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Data from: Declines in pinyon pine cone production associated with regional warming

Citation

Redmond, Miranda D.; Forcella, Frank; Barger, Nichole N. (2013), Data from: Declines in pinyon pine cone production associated with regional warming, Dryad, Dataset, https://doi.org/10.5061/dryad.1s625

Abstract

Global climate change is expected to produce large shifts in vegetation distribution and has already increased tree mortality, altering forest structure. However, long-term shifts will be partly dependent on the ability of species to reproduce under a novel climate. Few studies have examined the impact of climate change on the reproductive output of long-lived ‘masting' species, or species characterized by episodic reproductive events. Here, we show that seed cone production among pinyon pine (Pinus edulis), a masting species, declined by 40% from the 1974 decade (1969–1978) to the 2008 decade (2003–2012) in revisited stands throughout New Mexico and northwestern Oklahoma. Seed cone production was highly correlated with late summer temperatures at the time of cone initiation. Further, declines in seed cone production were greatest among populations that experienced the greatest increases in growing season temperatures, which were the populations located at the cooler, upper elevations. As growing season temperatures are predicted to increase across this region over the next century, these findings suggest seed cone production may be an increasingly important bottleneck for future pinyon pine regeneration, especially in areas with greater increases in temperature. Declines in seed cone production may not only affect pinyon pine population dynamics but also the various wildlife species that rely on pinyon pine seeds. Because pinyon pine has similar reproductive strategies as other semi-arid pine species, increasing temperature may negatively influence reproductive output of other conifers. Further investigation into the full geographic and taxonomic extent of these seed declines is warranted.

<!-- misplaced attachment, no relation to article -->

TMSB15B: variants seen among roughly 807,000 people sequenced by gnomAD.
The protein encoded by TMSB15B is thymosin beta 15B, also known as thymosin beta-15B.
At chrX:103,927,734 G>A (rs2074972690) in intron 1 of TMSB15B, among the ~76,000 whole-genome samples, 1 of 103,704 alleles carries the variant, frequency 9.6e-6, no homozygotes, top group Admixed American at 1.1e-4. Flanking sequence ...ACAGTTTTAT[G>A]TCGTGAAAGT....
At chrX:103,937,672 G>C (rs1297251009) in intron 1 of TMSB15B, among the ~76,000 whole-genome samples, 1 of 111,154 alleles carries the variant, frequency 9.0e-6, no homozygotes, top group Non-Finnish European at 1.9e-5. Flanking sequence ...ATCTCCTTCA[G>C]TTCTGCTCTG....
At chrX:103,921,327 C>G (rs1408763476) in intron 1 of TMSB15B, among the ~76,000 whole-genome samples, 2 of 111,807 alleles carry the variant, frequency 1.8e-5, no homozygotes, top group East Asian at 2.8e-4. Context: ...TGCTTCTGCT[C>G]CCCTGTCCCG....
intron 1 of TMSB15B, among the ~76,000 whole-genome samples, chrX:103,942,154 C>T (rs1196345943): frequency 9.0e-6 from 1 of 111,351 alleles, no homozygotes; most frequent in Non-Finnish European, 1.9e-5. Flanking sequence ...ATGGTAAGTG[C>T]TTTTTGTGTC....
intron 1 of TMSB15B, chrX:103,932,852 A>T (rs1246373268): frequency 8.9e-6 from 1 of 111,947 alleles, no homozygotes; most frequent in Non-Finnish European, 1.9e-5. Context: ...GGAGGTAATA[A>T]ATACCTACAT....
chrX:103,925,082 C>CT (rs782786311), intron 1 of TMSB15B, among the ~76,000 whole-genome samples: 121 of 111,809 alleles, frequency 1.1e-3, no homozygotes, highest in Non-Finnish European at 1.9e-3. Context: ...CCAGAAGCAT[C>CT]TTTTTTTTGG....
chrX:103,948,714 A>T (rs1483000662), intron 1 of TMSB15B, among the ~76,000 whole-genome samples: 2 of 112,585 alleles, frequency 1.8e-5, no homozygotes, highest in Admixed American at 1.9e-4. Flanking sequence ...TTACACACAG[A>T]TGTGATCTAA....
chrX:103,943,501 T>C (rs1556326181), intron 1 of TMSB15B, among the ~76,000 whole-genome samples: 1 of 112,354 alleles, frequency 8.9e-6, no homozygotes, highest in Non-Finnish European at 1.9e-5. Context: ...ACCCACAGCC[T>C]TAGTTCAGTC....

Usage Notes

Location

New Mexico and northwestern Oklahoma